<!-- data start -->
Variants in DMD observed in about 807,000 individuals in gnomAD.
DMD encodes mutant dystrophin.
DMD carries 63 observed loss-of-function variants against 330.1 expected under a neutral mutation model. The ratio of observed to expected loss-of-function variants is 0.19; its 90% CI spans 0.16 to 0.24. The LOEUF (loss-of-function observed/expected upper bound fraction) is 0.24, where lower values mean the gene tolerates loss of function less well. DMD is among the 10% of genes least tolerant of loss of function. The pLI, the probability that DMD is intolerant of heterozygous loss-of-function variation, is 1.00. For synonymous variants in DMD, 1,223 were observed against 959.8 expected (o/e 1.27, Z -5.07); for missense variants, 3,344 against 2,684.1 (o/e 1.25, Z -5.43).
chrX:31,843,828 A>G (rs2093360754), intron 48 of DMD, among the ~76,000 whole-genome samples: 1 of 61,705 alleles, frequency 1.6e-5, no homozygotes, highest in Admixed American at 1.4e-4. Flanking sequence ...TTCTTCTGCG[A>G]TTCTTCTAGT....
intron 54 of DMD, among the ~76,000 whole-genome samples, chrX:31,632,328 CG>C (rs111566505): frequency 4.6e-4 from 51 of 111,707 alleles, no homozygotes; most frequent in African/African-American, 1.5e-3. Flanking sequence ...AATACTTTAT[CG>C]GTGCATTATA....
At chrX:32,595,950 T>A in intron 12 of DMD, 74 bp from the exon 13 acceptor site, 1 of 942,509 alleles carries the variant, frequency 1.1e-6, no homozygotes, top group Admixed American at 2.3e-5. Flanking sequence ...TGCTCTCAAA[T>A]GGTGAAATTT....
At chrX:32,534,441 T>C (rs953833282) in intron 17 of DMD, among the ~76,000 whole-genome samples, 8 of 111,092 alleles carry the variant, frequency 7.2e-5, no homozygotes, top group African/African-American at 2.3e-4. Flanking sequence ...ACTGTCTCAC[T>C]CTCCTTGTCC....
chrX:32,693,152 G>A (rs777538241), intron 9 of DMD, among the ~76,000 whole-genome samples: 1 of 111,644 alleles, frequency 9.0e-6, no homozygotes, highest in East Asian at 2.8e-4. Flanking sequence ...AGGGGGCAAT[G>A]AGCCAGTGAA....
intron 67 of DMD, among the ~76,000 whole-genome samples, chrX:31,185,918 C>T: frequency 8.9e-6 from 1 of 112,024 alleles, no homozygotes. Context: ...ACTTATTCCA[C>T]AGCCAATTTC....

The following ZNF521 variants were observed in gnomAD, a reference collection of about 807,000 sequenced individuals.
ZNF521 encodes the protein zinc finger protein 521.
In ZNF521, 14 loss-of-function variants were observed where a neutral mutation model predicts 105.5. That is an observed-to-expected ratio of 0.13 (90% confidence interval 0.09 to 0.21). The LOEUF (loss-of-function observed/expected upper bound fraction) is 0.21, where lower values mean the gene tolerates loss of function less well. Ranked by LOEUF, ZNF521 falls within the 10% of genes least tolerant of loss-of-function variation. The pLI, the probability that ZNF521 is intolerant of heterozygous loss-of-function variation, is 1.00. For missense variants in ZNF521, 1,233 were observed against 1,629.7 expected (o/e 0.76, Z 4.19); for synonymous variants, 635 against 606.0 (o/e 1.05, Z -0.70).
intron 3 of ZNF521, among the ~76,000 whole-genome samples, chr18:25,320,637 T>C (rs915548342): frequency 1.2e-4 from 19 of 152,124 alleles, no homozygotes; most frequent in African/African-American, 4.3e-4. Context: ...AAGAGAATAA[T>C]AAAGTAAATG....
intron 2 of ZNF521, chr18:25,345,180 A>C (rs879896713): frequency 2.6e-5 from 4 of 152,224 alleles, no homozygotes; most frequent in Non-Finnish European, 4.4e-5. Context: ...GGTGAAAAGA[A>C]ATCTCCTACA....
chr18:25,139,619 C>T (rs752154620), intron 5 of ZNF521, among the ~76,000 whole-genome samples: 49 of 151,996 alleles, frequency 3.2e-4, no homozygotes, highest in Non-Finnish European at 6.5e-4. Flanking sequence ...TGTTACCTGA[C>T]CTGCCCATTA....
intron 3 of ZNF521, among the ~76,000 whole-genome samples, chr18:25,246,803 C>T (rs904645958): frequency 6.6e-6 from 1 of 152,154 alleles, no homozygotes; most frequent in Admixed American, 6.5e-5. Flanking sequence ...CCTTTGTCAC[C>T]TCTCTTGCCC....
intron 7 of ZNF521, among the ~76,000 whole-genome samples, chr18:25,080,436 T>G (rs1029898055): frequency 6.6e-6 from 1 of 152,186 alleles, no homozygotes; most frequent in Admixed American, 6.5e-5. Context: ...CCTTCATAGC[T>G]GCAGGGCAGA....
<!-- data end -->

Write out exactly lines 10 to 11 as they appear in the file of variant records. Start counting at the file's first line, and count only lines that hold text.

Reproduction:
The following ZNF521 variants were observed in gnomAD, a reference collection of about 807,000 sequenced individuals.
ZNF521 encodes the protein zinc finger protein 521.